To help you get started with socialising your puppy, here are our vets’ top socialising tips:
- Make sure that their experiences are good: Socialisation needs to be positive, so you’ll need to find ways to make sure your puppy enjoys the new things they come across. You could do this by using treats, toys and praise. If your puppy has negative experiences during their socialisation period, this can make them nervous when they come across the same thing later in their life, or it can even result in more generalised fears. If your puppy seems anxious or afraid at any point, remove them from the situation and take them to a place where they seem calm and happy. Try again with the experience later or another day, staying positive and keeping your puppy further away until they are comfortable.
- Aim for a variety of experiences: Allow your puppy to experience and meet a wide variety of people, sounds, smells and places to make sure they get used to all of the things they might come across during their life with you.
- Build up gradually: Everything will be new to your puppy when they’re young, so it’s easy for them to get overwhelmed. Make sure you introduce new things gradually – start off with a trip to a local row of shops before you go to a busy town centre, take them on a quiet road before a busy road and so on. When your puppy is calm and relaxed, give them praise and treats so that they enjoy the experience.
- Don’t introduce too many new experiences in one day: Instead, spread them out over several days if needed, aiming for short, positive experiences which you can repeat until your puppy is happy with them. You may find that your puppy becomes tired, stressed or very over-excited when you’re out with them. At these times, it’s best to take them home for a rest then head back out once they’re refreshed.
- Time alone: It’s important that your puppy gets used to being without you. Leave your puppy for a few minutes at first, such as while you’re making yourself a cup of tea. Gradually build up the time until they’re happy to be left in the house on their own for longer periods.
- Keep a close eye on your puppy when playing with other dogs: Don’t let their play get too boisterous or over-excited. Try to stick with friendly dogs that you know to start with and watch the body language of both dogs – take your puppy away if it’s starting to get a bit too much for either of them. Remember, it’s important for your puppy to only meet fully vaccinated dogs until they’ve completed their own vaccination course.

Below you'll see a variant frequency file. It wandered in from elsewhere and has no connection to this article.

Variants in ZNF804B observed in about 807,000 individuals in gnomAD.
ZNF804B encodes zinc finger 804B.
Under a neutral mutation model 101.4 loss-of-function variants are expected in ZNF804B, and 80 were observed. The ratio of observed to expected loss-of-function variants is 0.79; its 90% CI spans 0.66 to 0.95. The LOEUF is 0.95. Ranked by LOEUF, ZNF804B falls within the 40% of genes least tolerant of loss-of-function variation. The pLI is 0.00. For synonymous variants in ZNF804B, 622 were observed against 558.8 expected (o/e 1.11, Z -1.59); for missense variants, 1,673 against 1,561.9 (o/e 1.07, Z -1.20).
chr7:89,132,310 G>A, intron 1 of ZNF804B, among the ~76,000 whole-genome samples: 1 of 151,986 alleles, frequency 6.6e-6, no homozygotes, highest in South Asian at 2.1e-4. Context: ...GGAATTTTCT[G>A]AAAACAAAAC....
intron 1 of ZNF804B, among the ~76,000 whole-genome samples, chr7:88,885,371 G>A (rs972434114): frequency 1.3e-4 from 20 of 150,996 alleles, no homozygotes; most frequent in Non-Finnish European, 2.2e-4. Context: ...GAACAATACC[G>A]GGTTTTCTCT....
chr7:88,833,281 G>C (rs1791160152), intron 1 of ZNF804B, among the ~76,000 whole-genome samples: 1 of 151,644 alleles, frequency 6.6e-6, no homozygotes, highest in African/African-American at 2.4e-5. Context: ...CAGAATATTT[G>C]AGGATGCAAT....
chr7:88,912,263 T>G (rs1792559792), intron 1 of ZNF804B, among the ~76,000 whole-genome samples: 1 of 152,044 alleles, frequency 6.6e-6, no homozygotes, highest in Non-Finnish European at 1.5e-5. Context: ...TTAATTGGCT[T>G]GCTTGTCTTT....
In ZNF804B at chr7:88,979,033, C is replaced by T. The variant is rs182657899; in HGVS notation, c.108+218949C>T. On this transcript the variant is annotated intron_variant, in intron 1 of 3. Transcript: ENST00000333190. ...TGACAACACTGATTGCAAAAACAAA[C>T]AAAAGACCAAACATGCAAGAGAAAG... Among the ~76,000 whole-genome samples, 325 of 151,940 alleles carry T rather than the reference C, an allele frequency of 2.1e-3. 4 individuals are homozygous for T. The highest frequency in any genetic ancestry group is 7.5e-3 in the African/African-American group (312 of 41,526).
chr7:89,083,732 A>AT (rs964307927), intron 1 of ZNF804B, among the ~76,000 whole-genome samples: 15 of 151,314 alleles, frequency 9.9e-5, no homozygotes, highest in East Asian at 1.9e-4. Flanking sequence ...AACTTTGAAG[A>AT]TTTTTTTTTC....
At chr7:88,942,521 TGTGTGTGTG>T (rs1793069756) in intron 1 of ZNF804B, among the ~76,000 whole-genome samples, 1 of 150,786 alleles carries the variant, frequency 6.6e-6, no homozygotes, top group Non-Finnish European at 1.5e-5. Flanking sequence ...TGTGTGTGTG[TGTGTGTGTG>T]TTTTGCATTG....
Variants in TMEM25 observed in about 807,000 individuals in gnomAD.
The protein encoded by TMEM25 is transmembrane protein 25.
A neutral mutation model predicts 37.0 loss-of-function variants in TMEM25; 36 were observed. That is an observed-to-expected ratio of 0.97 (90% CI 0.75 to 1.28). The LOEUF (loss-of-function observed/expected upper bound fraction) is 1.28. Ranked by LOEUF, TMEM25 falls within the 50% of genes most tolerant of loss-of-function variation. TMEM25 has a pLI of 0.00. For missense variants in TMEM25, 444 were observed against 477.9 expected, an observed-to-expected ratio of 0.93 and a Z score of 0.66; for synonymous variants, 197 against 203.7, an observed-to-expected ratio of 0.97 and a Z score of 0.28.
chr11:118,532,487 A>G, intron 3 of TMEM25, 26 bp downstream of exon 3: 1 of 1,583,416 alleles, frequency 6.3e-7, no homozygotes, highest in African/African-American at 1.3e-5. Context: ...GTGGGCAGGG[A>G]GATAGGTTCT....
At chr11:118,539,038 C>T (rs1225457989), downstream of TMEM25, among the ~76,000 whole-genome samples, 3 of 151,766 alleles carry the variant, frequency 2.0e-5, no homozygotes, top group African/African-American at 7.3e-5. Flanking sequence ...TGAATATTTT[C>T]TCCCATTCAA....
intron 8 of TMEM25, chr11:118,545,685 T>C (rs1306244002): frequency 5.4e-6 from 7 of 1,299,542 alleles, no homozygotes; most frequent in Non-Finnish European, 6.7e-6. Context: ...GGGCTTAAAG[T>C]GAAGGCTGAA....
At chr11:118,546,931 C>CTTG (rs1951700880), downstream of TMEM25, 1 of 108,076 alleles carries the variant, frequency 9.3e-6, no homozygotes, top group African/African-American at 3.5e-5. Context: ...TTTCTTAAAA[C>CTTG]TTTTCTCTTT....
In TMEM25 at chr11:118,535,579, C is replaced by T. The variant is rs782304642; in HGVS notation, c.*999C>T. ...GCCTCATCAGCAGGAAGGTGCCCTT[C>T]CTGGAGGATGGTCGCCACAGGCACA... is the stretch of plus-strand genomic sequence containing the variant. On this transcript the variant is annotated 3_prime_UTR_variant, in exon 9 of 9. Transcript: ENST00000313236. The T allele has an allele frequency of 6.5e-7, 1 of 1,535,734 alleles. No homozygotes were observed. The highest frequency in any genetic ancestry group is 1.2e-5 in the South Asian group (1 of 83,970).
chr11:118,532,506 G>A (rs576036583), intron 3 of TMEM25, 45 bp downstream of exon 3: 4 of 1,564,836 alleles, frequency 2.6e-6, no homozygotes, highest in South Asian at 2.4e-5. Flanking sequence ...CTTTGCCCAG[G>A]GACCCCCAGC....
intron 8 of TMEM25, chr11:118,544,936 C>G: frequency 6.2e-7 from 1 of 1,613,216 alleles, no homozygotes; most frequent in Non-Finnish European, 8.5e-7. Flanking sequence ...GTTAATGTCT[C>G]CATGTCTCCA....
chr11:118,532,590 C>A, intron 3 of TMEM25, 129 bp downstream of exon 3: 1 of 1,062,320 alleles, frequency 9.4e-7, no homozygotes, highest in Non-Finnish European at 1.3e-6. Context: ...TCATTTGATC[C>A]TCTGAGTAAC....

- Don’t forget about routine: Although it’s really important to help your puppy experience lots of different things, it’s also essential they get used to your usual rhythm and routine. While it can be tempting to play with your new pup all day, they also need to get used to their own time, as well as their regular bedtimes and meal times. Even if you’ve taken some ‘pup-ernity’ leave to help your new arrival settle in, set aside a couple of days each week for you and your puppy to stick to your regular daily schedule, so they know what to expect and can learn how to be happy on their own.
- Consider puppy classes or puppy socialisation groups: This will give them a great chance to meet other puppies and get used to a range of other dogs. Ask whether your vet practice runs puppy socialisation groups and, if not, ask where the nearest one is. Don’t forget to check which vaccines your puppy needs before they go to their first class to make sure they stay safe!
- Get your puppy used to being in the car: Travel training and socialising your dog with the car is really important, as it can help your dog to stay relaxed on car journeys. Remember to always make sure they're safe and secure when in the car.
- Socialisation CDs and playlists: These are a great way to get your puppy used to noises they will hear during their lifetime – especially if your puppy is unlikely to hear them in real life during that all important socialisation period. Lots of dogs are scared of fireworks because they didn’t have the chance to hear them when young. A CD or playlist you can help your puppy get used to noises like this so that they don’t find them scary later on. Ask your vet for more information about these.
- Make sure your puppy gets used to their collar: Your puppy will need to wear a collar and tag when they’re out for their walks, as it’s a legal requirement, so it’s best introduced early in life to help them get used to wearing one. If you’re thinking of using a harness for your dog, it’s a good idea to help your puppy get used to the fit and feel of it by letting them wear one around the house for a few hours. That way they’ll be ready to take their first steps into the big wide world as soon as their vaccine coverage is complete!
As well as socialisation, your puppy will also benefit from starting their training as soon as possible when they come home with you. When training, make sure you use reward-based methods, and stay consistent with the words and actions you use and the behaviours you’re asking for. Key skills to focus on include toilet training and coming when called (recall). You might also want to consider crate training.